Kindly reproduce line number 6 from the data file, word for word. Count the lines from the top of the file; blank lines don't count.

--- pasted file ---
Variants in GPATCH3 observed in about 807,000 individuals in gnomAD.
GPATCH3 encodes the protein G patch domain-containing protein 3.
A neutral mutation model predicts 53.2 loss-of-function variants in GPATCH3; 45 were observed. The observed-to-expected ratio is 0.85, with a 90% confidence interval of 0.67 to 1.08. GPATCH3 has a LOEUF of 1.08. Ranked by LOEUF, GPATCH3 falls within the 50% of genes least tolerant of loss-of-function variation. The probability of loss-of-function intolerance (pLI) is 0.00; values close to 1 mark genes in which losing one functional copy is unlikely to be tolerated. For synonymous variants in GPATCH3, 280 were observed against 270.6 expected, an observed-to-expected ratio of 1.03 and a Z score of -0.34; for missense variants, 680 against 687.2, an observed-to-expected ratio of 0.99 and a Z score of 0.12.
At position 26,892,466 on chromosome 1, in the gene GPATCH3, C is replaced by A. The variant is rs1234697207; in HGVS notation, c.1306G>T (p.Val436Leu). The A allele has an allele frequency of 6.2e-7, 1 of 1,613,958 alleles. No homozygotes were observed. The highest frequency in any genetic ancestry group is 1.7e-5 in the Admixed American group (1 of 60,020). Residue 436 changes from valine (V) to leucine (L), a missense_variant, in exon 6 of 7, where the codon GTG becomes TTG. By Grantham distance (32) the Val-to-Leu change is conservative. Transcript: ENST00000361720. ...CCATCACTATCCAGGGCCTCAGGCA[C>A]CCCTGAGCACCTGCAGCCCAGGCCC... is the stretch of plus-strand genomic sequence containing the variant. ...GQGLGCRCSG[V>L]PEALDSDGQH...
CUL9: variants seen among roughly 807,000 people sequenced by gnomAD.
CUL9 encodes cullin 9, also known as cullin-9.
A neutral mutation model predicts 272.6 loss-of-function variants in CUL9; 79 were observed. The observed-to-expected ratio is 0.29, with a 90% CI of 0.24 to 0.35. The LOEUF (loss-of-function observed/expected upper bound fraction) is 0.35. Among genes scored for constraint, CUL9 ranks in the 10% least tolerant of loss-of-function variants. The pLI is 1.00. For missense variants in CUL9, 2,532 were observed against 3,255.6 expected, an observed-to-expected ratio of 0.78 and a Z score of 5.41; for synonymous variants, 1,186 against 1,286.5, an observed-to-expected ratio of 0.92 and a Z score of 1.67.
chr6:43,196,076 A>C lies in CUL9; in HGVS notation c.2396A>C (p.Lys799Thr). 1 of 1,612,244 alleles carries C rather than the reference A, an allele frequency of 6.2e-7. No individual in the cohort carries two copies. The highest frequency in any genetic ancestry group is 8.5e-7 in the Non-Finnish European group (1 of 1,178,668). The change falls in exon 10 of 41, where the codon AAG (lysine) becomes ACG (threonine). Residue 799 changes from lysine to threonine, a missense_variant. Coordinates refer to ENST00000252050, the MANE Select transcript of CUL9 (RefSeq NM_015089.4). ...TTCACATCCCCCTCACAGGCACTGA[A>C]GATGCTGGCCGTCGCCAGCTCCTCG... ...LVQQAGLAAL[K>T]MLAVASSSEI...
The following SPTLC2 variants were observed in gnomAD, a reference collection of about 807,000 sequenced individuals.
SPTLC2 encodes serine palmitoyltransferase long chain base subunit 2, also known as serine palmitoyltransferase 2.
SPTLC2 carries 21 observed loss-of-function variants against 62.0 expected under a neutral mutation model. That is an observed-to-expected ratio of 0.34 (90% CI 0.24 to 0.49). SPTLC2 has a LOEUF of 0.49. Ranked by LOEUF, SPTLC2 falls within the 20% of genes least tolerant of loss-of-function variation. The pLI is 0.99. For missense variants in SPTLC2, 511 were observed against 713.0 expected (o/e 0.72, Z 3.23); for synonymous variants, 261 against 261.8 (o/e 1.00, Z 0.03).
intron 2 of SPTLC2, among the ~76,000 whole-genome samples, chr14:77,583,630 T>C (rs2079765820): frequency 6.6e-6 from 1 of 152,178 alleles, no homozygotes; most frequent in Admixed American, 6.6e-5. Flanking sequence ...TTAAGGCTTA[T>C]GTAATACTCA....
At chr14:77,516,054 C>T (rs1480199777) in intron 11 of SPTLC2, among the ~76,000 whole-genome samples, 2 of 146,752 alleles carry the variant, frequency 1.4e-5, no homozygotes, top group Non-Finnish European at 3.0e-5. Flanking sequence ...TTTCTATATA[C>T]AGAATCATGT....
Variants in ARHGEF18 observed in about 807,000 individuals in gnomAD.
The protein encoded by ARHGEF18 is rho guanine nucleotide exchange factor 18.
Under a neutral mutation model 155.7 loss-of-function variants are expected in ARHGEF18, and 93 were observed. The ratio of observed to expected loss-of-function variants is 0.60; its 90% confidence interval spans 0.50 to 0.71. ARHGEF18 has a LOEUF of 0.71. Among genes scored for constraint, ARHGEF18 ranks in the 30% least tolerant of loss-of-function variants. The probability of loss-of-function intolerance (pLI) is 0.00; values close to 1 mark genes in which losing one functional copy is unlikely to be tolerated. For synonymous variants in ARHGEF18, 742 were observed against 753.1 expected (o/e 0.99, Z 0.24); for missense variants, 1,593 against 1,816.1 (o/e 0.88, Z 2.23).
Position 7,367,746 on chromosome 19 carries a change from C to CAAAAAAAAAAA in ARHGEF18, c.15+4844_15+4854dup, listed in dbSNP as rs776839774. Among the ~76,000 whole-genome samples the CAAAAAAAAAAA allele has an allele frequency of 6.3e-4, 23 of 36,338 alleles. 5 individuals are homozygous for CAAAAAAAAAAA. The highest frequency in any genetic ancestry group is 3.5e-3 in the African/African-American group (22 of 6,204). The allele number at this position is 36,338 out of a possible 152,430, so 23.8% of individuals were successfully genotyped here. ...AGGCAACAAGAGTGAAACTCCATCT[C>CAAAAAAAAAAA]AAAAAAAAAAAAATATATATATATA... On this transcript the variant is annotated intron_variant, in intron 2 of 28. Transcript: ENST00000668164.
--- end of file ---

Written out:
CUL9 encodes cullin 9, also known as cullin-9.